“It does require again sitting down and seeing the conscience and consciousness of supporters of the party where that is concerned. Do we have a lot of members of the party who joined because of Democratic Socialism? Does anybody understand what that means anymore? Do people care about political ethos anymore? Or is it expediency and marketing? So those questions, I think, first have to be asked and then if the answer is “yes”, we will like to honour something outside of colour differences, then we start to develop what that new conscience needs to be to drive the PNP. But I, in all honesty, believe that the tenets of Democratic Socialism still run through a lot of the organs of the party despite the constraints that might come with it — relationships that we have with international organisations, I believe that that is still at the root of what we want to accomplish.”

The ultimate question is what follows after she demits office as PNPYO President? Is there a plan to enter representational politics? To that Tomlinson stated that she had not got so far in her thinking, suggesting that such a move would be a huge step that would require “significantly more resources”.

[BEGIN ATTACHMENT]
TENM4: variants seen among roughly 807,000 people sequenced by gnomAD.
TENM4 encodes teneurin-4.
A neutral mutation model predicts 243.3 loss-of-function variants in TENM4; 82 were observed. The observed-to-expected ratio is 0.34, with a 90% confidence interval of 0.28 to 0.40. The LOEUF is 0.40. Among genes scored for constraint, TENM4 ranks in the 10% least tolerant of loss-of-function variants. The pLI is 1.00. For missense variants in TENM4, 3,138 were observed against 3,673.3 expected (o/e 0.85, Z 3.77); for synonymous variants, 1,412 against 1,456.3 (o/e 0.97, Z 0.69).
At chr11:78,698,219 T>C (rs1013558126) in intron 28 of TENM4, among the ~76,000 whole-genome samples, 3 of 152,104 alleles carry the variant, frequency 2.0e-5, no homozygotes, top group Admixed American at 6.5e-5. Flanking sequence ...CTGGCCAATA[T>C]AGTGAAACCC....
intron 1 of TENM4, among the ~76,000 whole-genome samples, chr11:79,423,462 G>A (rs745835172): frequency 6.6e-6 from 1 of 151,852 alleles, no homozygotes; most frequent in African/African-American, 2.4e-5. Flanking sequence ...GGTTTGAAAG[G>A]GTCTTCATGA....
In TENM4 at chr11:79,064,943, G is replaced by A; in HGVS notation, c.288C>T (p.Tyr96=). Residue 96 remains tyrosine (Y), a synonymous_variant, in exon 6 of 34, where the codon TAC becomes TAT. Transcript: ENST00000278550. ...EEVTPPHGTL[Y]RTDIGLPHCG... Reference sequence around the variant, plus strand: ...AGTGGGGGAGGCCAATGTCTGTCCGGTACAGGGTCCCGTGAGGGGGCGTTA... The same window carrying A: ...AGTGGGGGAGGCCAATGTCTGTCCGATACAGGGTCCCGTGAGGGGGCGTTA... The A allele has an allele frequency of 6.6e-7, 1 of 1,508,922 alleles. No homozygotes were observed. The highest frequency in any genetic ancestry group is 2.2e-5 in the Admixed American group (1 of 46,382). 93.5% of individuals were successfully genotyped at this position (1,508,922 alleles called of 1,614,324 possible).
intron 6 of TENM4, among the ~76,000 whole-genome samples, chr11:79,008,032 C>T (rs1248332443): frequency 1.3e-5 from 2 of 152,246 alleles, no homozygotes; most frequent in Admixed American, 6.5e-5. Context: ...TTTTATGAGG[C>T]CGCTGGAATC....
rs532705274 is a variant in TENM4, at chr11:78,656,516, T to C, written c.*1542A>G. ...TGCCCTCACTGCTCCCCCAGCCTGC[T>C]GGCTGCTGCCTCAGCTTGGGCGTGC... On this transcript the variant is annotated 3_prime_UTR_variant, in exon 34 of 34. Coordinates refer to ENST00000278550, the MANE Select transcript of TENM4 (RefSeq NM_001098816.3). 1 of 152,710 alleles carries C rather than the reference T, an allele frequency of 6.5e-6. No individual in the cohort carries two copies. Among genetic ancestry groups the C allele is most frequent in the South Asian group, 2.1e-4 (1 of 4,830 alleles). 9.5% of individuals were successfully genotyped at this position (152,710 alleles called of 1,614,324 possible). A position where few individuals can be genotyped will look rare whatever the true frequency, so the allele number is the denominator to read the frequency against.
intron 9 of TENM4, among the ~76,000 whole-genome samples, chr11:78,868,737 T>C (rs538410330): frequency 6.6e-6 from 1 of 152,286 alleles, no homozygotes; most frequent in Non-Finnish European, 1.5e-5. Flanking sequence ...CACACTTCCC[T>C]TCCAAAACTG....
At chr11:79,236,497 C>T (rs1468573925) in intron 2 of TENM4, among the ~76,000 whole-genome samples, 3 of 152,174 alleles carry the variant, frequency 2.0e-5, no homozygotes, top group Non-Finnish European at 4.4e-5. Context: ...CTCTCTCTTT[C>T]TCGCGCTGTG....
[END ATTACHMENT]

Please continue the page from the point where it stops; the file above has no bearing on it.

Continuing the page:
She argued that she would want to first see how well she is able to manage the affairs of the YO in executing its strategies before thinking about serving in a broader capacity.

“Right now I am focused on the youth and getting them in, and then we can see how service will look in another five years, so I can't say yes (to representational politics) just yet.

“Three or four years ago I had completed university and moved out of that UWI leadership space, because I was on the Guild of Students and then I got into corporate life trying to figure out how to pay off student loan debt; not really trying to do anything more than earn some money and pay it off as soon as I got comfortable financially, because one of the things I did not want to do is to get into politics because I am in need of anything. That would require — perhaps I am wrong — some sort of patronage in the space that would not be healthy for a young woman. And I don't pretend to be oblivious to those kind of situations. So one of the things I was very adamant about is that I want to develop my own brand, I want to generate my own income, I want to be able to participate in the process on my own merit and not anything else,” Tomlinson said.